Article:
During lunch I watched Jane, she seemed so calm, I couldn’t understand how. We left for the hospital, totally unprepared for an overnight stay, they could have warned us.

In the consultation room we all sat down as the DSN spoke to us. I could see it in her eyes already, clearly breaking news like this didn’t come any easier through repetition, and I just waited for the words ‘type 1 diabetes’. I looked at Amy and Jane and there wasn’t much of a reaction; Emilia, like myself, looked full of tears, as did the DSN.

The next hour or two was a blur. I’ve no recollection of what happened next.

It was dinner time and Amy needed to inject insulin, or bolus as it’s really called, and she opted to do it herself. I was so proud, she was only 10.

Emilia and I left to go and get some pyjamas for Amy which meant a trip back home. We knew that the local Marks and Spencer’s would be open so we decided to buy Amy some next pyjamas as a treat. After some food and back at the hospital and Amy seemed okay but had clearly shed a few tears. I gave some food to Jane, spent some time cuddling and talking and left my little girl and her Mum to spend the night in hospital.

Diagnosis – 29th December 2010

Amy was diagnosed with type 1 diabetes on the 29th December 2010, aged 10. It was an open and shut case, no possibility of it being anything else.

When I look back now I can see that she displayed many, if not all, of the classic signs of someone with type 1 diabetes. Of course, back then we didn’t what they were or what to look for.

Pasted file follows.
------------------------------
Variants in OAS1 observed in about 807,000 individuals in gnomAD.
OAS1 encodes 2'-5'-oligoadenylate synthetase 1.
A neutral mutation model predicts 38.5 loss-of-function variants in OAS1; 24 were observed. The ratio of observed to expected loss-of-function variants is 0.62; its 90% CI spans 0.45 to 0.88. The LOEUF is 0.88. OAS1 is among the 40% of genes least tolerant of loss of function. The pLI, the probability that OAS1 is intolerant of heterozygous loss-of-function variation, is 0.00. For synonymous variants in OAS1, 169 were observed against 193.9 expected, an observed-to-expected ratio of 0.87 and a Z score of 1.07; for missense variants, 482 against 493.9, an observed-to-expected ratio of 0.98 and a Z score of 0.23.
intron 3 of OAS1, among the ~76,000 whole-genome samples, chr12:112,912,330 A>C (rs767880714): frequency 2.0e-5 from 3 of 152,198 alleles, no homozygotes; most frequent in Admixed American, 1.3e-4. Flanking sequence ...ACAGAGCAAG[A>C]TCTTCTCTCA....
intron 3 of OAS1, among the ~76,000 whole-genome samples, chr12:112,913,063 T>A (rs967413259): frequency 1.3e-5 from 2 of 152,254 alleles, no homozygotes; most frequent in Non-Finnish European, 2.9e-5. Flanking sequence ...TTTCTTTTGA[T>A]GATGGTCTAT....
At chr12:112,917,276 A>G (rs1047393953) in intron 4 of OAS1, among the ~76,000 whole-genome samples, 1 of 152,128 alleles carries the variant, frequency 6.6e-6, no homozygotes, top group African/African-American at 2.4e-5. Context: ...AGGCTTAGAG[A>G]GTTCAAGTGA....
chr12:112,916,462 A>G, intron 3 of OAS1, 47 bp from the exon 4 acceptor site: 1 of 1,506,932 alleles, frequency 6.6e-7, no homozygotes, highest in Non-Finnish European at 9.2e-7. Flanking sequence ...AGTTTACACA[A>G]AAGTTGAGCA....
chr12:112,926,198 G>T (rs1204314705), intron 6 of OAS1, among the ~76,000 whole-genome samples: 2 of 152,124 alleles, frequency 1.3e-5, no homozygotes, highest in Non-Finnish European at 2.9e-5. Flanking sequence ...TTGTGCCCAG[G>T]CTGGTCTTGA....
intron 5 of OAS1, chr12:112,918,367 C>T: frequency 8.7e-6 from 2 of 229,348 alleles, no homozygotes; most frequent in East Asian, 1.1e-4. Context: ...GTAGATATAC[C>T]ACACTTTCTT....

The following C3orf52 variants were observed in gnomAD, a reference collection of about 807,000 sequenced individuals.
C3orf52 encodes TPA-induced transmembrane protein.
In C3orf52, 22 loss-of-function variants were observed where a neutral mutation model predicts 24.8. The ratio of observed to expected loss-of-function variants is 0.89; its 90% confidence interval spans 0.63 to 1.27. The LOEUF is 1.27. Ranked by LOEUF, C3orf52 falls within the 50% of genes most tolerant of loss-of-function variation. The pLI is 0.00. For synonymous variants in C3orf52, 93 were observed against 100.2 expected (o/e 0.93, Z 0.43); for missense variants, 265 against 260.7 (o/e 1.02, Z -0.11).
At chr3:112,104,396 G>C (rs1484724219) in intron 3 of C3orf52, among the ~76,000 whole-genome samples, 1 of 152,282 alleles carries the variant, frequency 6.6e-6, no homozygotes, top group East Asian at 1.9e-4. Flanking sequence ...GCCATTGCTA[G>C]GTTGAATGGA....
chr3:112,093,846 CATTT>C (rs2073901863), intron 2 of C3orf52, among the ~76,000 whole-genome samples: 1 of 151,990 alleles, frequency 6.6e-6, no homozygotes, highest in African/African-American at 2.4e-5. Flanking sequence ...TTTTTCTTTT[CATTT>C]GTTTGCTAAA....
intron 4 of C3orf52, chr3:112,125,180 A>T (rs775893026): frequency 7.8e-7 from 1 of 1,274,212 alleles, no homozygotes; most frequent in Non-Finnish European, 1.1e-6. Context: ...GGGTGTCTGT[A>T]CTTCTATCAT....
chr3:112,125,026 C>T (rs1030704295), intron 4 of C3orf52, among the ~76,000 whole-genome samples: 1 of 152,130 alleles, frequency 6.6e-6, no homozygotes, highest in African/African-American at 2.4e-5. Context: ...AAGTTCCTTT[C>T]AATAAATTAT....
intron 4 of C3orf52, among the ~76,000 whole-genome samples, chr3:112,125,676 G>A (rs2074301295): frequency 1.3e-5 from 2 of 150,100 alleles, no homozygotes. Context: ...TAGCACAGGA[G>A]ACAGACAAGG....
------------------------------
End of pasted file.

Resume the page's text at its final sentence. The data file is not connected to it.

STOP (for a moment): Do you know the classic signs of someone with undiagnosed type 1 diabetes? If not, please take some time to view this excellent video by Diabetes UK and JDRF.

The day before, Amy and Jane had gone shopping but just before going Amy drank a lot of water. In the shopping centre she needed the toilet, then said she was very thirsty, she was trapped in a circle of constant drinking and urinating, a first circle of blue. A classic sign; we didn’t know.

Clearly something wasn’t right.

Jane had previously spoken with one of our good friends who mentioned the possibility of diabetes but it wasn’t until Amy started drinking pints of water that Jane recalled the conversation. The appointment was booked for the 29th at 10am, a few hours before Amy was due to go to her best friend’s birthday party.

Our doctor didn’t need time to ponder the options and after testing for ketones and her blood glucose level he called the hospital quickly, saying that they’d call us if we needed to go in, but he’d see if any visit could be postponed until the 30th so Amy could attend the party. Afterwards, Jane and Amy went to visit the birthday girl just to let her know that she might come, she might not.

A few minutes later that bloody phone rang. My heart sank.

At the Royal Hampshire County Hospital in Winchester hospital we went into Sophie’s Place, an area created by the charity Sophie’s Appeal in memory of little Sophie Barringer who lost her life to Wilm’s Disease in December 2004, aged six. Jane was her teacher.

A nurse did another few tests and discussed some personal history, asked about Amy’s symptoms and checked her blood glucose again. We were led into a consultation room by the DSN (diabetes specialist nurse) who started chatting with us, but at the time I felt like it was small talk, just some calm before the storm.

Then a word we didn’t want to hear was spoken, it started with ‘D’, it ended with tears.

Amy didn’t know what it really meant. Jane didn’t know what it really meant. I glanced at Emilia, we both knew exactly what it meant. I glanced at the DSN, her eyes were watering.